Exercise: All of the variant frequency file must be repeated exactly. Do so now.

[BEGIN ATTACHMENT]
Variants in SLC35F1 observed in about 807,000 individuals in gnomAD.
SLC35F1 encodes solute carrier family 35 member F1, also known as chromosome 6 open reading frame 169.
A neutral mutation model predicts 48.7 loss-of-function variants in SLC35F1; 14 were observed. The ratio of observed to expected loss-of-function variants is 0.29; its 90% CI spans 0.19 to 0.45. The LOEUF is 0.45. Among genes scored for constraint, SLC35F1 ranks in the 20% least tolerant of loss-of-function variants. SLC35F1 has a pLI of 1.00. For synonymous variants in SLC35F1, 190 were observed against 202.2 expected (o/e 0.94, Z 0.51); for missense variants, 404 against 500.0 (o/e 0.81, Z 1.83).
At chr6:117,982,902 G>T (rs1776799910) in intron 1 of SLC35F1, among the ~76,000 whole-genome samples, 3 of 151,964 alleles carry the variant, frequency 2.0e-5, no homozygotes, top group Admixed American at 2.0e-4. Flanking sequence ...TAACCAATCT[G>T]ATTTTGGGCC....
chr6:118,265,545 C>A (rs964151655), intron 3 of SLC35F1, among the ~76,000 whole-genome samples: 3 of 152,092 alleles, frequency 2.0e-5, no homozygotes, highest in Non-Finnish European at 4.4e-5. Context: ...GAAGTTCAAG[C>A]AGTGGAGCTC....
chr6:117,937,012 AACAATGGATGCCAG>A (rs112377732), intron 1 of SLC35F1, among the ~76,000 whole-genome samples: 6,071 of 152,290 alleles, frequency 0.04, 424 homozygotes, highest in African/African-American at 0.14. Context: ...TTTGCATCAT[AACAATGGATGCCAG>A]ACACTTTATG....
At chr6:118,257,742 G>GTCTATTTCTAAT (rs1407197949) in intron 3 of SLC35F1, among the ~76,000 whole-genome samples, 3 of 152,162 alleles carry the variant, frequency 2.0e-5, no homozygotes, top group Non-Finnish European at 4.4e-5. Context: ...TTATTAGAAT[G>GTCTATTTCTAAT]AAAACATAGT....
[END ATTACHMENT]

Variants in SLC35F1 observed in about 807,000 individuals in gnomAD.
SLC35F1 encodes solute carrier family 35 member F1, also known as chromosome 6 open reading frame 169.
A neutral mutation model predicts 48.7 loss-of-function variants in SLC35F1; 14 were observed. The ratio of observed to expected loss-of-function variants is 0.29; its 90% CI spans 0.19 to 0.45. The LOEUF is 0.45. Among genes scored for constraint, SLC35F1 ranks in the 20% least tolerant of loss-of-function variants. SLC35F1 has a pLI of 1.00. For synonymous variants in SLC35F1, 190 were observed against 202.2 expected (o/e 0.94, Z 0.51); for missense variants, 404 against 500.0 (o/e 0.81, Z 1.83).
At chr6:117,982,902 G>T (rs1776799910) in intron 1 of SLC35F1, among the ~76,000 whole-genome samples, 3 of 151,964 alleles carry the variant, frequency 2.0e-5, no homozygotes, top group Admixed American at 2.0e-4. Flanking sequence ...TAACCAATCT[G>T]ATTTTGGGCC....
chr6:118,265,545 C>A (rs964151655), intron 3 of SLC35F1, among the ~76,000 whole-genome samples: 3 of 152,092 alleles, frequency 2.0e-5, no homozygotes, highest in Non-Finnish European at 4.4e-5. Context: ...GAAGTTCAAG[C>A]AGTGGAGCTC....
chr6:117,937,012 AACAATGGATGCCAG>A (rs112377732), intron 1 of SLC35F1, among the ~76,000 whole-genome samples: 6,071 of 152,290 alleles, frequency 0.04, 424 homozygotes, highest in African/African-American at 0.14. Context: ...TTTGCATCAT[AACAATGGATGCCAG>A]ACACTTTATG....
At chr6:118,257,742 G>GTCTATTTCTAAT (rs1407197949) in intron 3 of SLC35F1, among the ~76,000 whole-genome samples, 3 of 152,162 alleles carry the variant, frequency 2.0e-5, no homozygotes, top group Non-Finnish European at 4.4e-5. Context: ...TTATTAGAAT[G>GTCTATTTCTAAT]AAAACATAGT....